Our boy one turned 21 this week. He went out, had a great time, and then got sick, as he said, “at the end.” *giggles* We are so glad he stopped when he got sick.
It reminded me of my early drinking experiences.
I don’t really count, because I was allowed to drink at home, and in others’ homes, so drinking was not a novelty for me at 21.
My freshman year of college, my friends partied every weekend. I stayed in. I’d read and write and have such a good introverted time — at least until those girls would bring their drunk ass dramas to me in the middle of the night.
I’d sort out their fights, via my awesome mediation techniques, (or just by being the only sober person in the room.) Sometimes, the drama involved getting busted for underage drinking, which only made my decision to stay in more appealing. At least once a month, one of those three girls got sick.
By the time Spring rolled around, they could not wait to take me out and get me, Miss Goody Two-Shoes, positively wasted. They had a great plan. They’d take me to a frat party with guys who would mark us as 21, so we wouldn’t get into trouble with the attending police. They would get me all kindsa fucked up, and they would laugh and laugh, they said.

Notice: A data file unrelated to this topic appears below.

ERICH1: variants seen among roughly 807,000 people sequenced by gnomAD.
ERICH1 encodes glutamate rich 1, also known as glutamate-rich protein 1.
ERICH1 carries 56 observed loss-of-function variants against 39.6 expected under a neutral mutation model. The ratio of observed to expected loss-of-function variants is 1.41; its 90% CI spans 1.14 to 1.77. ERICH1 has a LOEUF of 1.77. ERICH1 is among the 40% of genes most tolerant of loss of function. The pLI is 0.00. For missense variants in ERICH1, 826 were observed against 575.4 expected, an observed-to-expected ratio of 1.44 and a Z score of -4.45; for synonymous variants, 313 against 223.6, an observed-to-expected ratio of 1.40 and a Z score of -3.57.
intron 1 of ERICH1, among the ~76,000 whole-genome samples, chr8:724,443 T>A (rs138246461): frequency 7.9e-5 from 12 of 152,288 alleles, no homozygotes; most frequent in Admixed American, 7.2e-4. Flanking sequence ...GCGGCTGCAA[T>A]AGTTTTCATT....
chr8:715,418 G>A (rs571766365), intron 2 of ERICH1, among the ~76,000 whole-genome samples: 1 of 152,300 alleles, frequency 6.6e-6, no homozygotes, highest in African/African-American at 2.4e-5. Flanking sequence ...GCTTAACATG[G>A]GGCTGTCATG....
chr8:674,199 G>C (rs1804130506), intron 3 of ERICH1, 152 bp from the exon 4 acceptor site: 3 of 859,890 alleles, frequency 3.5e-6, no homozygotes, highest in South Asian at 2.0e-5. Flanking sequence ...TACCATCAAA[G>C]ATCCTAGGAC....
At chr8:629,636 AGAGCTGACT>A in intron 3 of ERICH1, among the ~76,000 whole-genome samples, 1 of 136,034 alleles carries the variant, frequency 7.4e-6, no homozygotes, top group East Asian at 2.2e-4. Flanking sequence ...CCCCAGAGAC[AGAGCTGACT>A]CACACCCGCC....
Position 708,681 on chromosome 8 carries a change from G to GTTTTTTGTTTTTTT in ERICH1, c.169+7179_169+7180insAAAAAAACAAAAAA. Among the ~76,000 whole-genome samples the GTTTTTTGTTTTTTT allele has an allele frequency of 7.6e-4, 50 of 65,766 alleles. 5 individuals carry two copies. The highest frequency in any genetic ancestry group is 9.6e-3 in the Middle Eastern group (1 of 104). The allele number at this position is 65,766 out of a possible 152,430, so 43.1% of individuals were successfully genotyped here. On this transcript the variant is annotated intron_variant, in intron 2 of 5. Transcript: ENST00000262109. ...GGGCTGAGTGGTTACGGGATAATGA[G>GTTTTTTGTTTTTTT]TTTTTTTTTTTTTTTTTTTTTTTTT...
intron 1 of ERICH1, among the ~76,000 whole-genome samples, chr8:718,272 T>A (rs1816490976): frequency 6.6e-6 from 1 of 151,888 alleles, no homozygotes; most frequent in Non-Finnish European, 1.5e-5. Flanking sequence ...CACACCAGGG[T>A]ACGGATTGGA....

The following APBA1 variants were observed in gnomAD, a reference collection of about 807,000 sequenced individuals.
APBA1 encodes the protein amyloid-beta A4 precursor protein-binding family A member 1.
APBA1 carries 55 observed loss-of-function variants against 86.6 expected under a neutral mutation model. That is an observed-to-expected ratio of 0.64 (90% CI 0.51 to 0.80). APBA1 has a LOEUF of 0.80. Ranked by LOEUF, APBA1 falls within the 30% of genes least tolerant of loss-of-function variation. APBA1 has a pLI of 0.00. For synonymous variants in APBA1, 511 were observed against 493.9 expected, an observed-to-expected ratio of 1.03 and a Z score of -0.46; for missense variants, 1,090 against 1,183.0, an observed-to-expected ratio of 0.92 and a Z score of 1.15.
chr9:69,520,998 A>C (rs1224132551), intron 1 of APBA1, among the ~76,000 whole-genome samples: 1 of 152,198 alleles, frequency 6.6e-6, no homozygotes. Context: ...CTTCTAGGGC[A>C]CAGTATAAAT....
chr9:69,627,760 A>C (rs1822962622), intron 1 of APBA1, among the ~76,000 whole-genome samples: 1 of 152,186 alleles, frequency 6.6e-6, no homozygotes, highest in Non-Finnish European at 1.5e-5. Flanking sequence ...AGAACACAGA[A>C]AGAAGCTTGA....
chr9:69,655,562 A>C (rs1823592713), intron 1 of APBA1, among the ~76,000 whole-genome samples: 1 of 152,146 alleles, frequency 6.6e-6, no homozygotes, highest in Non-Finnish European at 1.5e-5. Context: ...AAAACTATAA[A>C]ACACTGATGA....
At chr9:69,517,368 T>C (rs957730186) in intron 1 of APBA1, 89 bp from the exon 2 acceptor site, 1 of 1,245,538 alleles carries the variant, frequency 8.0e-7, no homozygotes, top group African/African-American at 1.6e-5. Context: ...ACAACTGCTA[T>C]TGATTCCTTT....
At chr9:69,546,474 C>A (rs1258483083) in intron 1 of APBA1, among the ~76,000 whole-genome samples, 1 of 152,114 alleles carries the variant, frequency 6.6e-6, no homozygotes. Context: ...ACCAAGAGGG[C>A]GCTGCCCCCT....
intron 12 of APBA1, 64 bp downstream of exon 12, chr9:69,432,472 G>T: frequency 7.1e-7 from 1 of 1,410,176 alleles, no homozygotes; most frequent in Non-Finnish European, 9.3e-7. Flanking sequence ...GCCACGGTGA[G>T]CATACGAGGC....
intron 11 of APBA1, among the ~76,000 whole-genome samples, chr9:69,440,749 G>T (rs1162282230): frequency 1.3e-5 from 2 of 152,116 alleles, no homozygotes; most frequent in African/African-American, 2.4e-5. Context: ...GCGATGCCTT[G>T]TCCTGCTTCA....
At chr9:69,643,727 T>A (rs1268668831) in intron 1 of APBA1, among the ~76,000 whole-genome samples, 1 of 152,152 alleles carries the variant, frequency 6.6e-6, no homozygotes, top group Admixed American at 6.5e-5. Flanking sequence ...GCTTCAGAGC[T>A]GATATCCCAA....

The beer wasn’t working fast enough, they said. The punch didn’t have enough kick, they said. It was best to get serious, they said. I did shots of vodka, grape syrupy stuff, and jello shots. They thought that’d do the trick.
I went outside to cool off from the dancing, where I found a guy I dated in high school. He shared his flask of Irish whiskey.
Sadly, my friends got quite sick. Cindy decided to stay with Michelle, who was passed out on the basement floor. I had to take Abby home before she passed out.
I called a cab, because I couldn’t walk a completely shitfaced Abby for half a mile, and she sure couldn’t walk herself.
When we got into the cab, my dear shitfaced friend turned to me, and shouted, “This was supposed to be YOU! You were supposed to be sick!”
“I know. I’m so sorry.” I petted her hair.
She leaned up and slurred to the cab driver, “What’s your name?”
“Scott, my name is Abby, and you must never, ever let me drink this much again.”
“Thank you, Scott.”
Abby was so drunk she didn’t even remember where we lived.
Abby was so drunk, the cabby had to help me get her onto the elevator.
Abby was so drunk, she was afraid to be alone, because she might die.
I was just fiiine.